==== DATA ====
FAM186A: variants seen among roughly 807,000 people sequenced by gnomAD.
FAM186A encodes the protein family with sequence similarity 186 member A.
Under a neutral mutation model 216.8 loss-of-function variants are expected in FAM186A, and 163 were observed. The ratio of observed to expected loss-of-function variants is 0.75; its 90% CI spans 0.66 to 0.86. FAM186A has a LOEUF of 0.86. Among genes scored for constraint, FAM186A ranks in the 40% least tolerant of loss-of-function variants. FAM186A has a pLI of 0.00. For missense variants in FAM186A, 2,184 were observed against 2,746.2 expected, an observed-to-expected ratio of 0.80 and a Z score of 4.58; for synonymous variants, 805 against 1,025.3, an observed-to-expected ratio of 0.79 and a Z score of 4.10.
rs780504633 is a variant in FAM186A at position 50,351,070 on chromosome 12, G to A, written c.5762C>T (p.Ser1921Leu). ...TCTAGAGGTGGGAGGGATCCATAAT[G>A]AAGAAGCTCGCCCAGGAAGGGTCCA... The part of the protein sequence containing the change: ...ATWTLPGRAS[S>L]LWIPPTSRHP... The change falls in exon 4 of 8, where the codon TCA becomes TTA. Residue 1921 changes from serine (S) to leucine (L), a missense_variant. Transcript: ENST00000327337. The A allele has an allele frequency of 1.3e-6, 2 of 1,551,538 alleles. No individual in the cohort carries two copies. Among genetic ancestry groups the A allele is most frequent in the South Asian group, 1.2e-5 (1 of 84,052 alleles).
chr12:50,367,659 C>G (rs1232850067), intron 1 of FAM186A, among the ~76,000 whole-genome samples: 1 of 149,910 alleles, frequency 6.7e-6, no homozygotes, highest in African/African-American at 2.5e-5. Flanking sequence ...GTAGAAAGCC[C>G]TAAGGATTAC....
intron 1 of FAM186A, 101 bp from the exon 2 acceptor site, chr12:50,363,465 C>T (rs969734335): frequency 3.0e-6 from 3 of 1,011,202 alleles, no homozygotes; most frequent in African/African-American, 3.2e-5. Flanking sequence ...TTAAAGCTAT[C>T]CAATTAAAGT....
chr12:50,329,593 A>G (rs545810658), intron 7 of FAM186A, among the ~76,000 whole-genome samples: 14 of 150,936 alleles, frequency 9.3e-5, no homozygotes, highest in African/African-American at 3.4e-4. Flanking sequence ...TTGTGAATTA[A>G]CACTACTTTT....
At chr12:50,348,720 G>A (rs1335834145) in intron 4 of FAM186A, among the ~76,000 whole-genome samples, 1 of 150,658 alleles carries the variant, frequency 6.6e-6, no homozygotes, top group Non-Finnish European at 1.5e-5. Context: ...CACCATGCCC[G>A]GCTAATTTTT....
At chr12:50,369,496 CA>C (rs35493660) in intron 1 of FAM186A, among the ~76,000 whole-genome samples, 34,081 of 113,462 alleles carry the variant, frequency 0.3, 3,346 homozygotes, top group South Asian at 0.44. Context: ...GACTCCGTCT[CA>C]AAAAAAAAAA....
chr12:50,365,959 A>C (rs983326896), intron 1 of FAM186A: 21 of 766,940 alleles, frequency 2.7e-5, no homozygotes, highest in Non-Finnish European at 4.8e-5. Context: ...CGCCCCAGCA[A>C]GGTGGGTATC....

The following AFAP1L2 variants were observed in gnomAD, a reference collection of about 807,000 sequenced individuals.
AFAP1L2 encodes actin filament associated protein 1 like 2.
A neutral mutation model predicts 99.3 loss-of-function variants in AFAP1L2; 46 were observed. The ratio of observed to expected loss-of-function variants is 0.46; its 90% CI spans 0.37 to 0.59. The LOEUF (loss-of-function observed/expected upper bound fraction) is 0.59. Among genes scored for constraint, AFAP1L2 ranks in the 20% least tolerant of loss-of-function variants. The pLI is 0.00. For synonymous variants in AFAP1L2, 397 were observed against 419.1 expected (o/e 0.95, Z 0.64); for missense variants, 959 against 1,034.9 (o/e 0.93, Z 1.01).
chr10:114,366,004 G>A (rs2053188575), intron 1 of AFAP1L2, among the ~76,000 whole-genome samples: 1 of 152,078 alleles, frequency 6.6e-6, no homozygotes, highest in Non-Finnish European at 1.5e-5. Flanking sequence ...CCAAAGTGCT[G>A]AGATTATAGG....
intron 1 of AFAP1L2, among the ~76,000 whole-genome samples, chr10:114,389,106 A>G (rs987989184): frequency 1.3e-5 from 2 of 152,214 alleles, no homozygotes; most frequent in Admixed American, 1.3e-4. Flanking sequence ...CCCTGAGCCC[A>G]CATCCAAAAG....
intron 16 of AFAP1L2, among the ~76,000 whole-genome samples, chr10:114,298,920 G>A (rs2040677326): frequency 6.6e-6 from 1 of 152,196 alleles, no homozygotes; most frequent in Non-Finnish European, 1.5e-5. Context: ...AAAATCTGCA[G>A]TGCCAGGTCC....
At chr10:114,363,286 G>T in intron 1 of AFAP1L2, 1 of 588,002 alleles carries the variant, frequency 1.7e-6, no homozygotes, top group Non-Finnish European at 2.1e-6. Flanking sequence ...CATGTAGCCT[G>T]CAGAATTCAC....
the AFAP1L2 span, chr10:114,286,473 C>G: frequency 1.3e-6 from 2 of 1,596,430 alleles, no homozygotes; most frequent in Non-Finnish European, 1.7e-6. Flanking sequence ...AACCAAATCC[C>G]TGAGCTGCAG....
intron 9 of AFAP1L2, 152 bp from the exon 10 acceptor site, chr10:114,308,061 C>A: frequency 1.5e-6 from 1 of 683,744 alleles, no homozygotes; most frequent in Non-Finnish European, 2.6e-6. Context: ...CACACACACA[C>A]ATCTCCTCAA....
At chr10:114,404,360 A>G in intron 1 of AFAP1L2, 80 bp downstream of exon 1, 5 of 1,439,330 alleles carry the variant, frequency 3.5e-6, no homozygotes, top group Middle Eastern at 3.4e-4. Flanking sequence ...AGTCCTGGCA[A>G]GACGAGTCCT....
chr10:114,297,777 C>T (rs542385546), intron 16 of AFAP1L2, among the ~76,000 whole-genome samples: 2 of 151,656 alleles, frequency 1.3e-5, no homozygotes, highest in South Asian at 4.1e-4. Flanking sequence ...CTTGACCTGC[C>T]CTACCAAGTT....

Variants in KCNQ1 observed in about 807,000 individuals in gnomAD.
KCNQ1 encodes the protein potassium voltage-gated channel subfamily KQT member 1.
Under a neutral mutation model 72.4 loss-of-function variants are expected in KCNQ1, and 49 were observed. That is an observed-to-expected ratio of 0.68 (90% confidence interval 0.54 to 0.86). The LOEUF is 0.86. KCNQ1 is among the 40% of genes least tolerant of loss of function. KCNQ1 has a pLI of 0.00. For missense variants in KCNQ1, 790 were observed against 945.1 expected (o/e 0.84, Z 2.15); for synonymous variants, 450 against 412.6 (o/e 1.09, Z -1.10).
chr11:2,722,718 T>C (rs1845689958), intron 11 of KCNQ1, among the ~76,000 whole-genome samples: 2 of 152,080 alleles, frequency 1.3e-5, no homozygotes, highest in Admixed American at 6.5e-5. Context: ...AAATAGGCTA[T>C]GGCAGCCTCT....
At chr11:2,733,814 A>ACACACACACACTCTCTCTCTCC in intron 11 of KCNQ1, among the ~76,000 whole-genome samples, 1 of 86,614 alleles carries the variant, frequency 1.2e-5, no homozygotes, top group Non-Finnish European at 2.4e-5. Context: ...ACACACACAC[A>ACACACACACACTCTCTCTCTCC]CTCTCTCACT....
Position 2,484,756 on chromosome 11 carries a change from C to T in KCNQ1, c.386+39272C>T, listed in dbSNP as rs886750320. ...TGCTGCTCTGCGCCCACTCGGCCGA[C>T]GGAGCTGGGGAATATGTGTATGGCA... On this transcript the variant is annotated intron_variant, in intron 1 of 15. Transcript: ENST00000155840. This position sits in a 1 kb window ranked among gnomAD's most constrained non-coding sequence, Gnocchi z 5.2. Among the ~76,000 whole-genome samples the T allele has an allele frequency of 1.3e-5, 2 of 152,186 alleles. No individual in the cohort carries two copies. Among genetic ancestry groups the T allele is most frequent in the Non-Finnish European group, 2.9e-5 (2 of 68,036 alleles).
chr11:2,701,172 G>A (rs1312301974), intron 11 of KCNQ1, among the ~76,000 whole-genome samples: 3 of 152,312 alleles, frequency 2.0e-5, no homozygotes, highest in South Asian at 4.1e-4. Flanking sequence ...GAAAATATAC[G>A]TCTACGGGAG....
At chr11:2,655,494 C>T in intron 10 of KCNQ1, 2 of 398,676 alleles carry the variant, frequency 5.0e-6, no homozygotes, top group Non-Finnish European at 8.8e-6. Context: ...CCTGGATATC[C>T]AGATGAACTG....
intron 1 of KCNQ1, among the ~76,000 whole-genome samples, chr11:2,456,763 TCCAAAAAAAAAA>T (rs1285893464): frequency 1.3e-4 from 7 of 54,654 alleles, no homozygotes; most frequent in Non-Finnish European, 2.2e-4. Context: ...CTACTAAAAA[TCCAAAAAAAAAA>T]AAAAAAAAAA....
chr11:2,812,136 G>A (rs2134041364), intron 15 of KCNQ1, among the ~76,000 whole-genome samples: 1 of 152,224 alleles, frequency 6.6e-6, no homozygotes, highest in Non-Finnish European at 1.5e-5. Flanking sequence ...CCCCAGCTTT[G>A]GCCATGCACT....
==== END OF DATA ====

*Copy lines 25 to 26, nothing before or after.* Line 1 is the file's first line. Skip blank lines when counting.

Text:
chr11:2,722,718 T>C (rs1845689958), intron 11 of KCNQ1, among the ~76,000 whole-genome samples: 2 of 152,080 alleles, frequency 1.3e-5, no homozygotes, highest in Admixed American at 6.5e-5. Context: ...AAATAGGCTA[T>C]GGCAGCCTCT....
At chr11:2,733,814 A>ACACACACACACTCTCTCTCTCC in intron 11 of KCNQ1, among the ~76,000 whole-genome samples, 1 of 86,614 alleles carries the variant, frequency 1.2e-5, no homozygotes, top group Non-Finnish European at 2.4e-5. Context: ...ACACACACAC[A>ACACACACACACTCTCTCTCTCC]CTCTCTCACT....